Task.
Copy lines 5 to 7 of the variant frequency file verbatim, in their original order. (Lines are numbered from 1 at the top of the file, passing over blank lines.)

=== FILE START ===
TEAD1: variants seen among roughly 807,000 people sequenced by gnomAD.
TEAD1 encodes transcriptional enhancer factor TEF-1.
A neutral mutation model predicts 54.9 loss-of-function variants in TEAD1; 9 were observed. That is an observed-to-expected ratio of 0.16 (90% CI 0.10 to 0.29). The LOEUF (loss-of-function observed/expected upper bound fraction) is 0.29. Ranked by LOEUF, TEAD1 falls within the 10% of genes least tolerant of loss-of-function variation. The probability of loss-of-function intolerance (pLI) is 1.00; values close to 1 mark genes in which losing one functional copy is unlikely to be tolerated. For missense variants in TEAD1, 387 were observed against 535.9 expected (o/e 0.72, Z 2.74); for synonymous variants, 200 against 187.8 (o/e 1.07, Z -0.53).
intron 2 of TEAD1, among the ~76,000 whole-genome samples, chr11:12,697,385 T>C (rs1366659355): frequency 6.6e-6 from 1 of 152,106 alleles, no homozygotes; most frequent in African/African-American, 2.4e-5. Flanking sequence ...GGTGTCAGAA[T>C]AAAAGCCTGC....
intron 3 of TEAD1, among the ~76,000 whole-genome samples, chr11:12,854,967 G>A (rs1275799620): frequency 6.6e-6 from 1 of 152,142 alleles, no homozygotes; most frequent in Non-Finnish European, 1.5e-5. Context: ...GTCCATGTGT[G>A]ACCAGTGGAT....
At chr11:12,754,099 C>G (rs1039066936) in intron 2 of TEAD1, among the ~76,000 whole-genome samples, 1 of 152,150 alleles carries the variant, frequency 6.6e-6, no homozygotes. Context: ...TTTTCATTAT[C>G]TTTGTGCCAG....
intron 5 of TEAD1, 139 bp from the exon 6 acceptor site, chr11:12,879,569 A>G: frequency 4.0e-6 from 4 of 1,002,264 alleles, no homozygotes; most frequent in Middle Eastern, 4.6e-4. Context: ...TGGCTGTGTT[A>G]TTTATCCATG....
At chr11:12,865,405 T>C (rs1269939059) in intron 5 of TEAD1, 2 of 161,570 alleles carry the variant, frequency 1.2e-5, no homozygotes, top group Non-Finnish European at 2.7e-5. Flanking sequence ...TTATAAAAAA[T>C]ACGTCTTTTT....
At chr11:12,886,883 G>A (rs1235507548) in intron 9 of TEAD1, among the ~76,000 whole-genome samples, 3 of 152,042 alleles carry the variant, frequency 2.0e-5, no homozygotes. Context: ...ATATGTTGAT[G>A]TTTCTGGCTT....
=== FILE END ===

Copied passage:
intron 3 of TEAD1, among the ~76,000 whole-genome samples, chr11:12,854,967 G>A (rs1275799620): frequency 6.6e-6 from 1 of 152,142 alleles, no homozygotes; most frequent in Non-Finnish European, 1.5e-5. Context: ...GTCCATGTGT[G>A]ACCAGTGGAT....
At chr11:12,754,099 C>G (rs1039066936) in intron 2 of TEAD1, among the ~76,000 whole-genome samples, 1 of 152,150 alleles carries the variant, frequency 6.6e-6, no homozygotes. Context: ...TTTTCATTAT[C>G]TTTGTGCCAG....
intron 5 of TEAD1, 139 bp from the exon 6 acceptor site, chr11:12,879,569 A>G: frequency 4.0e-6 from 4 of 1,002,264 alleles, no homozygotes; most frequent in Middle Eastern, 4.6e-4. Context: ...TGGCTGTGTT[A>G]TTTATCCATG....